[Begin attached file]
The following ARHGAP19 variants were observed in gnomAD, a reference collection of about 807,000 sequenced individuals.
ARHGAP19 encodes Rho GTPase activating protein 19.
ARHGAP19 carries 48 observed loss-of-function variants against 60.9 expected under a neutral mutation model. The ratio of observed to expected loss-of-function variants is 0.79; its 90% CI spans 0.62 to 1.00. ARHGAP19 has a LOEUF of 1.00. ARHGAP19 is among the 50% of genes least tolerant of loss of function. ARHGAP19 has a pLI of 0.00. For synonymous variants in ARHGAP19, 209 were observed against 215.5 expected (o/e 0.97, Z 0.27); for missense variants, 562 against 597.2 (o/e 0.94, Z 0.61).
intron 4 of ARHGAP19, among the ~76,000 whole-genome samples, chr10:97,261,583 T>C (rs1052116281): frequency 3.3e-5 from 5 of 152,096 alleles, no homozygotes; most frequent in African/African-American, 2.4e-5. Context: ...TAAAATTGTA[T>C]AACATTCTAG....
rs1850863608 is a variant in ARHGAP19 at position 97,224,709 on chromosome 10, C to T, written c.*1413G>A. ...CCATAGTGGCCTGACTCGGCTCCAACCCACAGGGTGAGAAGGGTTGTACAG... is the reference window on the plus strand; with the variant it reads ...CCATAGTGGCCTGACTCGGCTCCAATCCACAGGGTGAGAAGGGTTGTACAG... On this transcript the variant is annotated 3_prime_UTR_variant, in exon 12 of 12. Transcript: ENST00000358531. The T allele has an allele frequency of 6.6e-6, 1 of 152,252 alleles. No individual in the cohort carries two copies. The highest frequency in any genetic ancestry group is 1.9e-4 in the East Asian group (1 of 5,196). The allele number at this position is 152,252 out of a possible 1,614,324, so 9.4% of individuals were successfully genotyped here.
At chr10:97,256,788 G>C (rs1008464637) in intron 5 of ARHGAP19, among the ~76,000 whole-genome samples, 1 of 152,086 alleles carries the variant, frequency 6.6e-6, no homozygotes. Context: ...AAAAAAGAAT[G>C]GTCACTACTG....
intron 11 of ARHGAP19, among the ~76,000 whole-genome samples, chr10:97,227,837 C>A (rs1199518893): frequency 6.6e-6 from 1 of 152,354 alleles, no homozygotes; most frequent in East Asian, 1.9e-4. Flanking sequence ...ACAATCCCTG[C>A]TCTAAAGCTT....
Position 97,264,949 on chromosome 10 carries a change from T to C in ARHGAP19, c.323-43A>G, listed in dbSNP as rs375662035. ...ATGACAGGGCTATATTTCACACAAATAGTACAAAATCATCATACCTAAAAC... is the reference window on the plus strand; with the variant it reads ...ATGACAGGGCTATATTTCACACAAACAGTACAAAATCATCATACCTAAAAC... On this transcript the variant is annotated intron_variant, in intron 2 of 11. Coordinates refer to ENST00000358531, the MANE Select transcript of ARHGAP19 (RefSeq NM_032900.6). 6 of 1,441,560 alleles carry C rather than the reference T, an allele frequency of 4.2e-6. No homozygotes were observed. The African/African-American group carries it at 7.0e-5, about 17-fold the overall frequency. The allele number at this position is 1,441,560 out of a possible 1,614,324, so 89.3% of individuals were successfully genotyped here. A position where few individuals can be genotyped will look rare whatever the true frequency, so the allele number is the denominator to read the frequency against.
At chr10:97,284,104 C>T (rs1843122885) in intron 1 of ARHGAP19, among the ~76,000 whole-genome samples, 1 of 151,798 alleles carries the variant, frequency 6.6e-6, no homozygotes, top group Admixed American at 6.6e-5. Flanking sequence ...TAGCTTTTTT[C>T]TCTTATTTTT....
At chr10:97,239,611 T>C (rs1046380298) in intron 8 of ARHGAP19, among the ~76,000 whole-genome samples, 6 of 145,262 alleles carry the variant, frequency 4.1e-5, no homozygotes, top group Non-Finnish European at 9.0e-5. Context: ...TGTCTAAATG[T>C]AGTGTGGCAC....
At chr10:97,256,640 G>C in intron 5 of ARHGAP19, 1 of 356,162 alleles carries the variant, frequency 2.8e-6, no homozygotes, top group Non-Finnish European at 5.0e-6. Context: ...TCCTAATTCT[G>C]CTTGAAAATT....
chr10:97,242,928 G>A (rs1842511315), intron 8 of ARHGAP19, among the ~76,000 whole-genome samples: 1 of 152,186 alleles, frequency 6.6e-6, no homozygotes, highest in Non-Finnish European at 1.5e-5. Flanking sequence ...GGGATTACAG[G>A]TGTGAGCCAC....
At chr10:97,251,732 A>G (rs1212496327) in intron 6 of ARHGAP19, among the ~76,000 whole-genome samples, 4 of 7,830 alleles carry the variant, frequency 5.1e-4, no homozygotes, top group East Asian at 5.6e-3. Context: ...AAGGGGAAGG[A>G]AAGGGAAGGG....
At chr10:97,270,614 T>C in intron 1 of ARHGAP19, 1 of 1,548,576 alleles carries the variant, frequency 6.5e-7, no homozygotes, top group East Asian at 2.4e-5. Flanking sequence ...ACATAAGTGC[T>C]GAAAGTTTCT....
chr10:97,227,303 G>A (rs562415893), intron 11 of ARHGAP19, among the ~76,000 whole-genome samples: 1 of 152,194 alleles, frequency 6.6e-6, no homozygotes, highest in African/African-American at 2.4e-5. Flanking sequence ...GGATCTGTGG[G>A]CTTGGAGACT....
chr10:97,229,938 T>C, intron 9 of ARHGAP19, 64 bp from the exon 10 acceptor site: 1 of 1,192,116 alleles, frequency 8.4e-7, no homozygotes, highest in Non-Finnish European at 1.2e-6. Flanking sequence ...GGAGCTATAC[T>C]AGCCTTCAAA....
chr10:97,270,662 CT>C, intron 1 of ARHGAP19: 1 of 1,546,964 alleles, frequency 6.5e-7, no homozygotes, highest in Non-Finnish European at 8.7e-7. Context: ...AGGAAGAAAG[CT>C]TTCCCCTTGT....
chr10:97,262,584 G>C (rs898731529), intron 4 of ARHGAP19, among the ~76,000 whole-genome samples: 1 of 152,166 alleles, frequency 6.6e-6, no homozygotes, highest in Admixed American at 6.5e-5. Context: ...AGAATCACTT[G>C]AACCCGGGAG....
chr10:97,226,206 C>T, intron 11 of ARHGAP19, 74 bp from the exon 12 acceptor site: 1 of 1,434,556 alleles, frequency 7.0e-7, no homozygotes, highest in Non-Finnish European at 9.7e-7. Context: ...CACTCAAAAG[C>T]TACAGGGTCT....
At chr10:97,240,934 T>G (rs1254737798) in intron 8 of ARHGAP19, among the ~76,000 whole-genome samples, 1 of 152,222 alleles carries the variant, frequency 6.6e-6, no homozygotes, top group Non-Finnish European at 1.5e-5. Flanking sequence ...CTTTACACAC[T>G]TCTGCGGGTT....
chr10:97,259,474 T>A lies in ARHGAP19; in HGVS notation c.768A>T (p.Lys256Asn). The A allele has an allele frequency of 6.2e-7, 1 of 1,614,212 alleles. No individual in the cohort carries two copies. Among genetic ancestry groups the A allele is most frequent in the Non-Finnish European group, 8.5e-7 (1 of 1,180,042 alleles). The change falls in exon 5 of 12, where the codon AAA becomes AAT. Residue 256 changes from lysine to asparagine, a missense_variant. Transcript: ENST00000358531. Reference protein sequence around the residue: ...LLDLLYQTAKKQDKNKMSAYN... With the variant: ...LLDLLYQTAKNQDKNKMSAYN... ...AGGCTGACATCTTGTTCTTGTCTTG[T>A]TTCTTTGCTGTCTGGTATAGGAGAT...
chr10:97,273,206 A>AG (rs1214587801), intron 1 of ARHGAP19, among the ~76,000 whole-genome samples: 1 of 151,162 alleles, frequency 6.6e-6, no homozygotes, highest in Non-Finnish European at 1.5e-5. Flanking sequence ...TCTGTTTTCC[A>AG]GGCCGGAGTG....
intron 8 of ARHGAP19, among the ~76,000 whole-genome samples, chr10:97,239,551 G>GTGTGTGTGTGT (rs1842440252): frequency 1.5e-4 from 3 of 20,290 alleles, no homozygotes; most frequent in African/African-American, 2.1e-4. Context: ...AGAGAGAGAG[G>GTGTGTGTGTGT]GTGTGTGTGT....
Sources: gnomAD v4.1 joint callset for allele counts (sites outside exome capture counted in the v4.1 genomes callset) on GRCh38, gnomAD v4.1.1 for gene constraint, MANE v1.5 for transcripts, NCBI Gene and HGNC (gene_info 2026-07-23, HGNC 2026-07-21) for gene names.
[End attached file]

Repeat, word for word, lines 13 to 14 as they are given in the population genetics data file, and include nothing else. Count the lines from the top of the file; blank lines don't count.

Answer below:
At chr10:97,251,732 A>G (rs1212496327) in intron 6 of ARHGAP19, among the ~76,000 whole-genome samples, 4 of 7,830 alleles carry the variant, frequency 5.1e-4, no homozygotes, top group East Asian at 5.6e-3. Context: ...AAGGGGAAGG[A>G]AAGGGAAGGG....
At chr10:97,270,614 T>C in intron 1 of ARHGAP19, 1 of 1,548,576 alleles carries the variant, frequency 6.5e-7, no homozygotes, top group East Asian at 2.4e-5. Flanking sequence ...ACATAAGTGC[T>C]GAAAGTTTCT....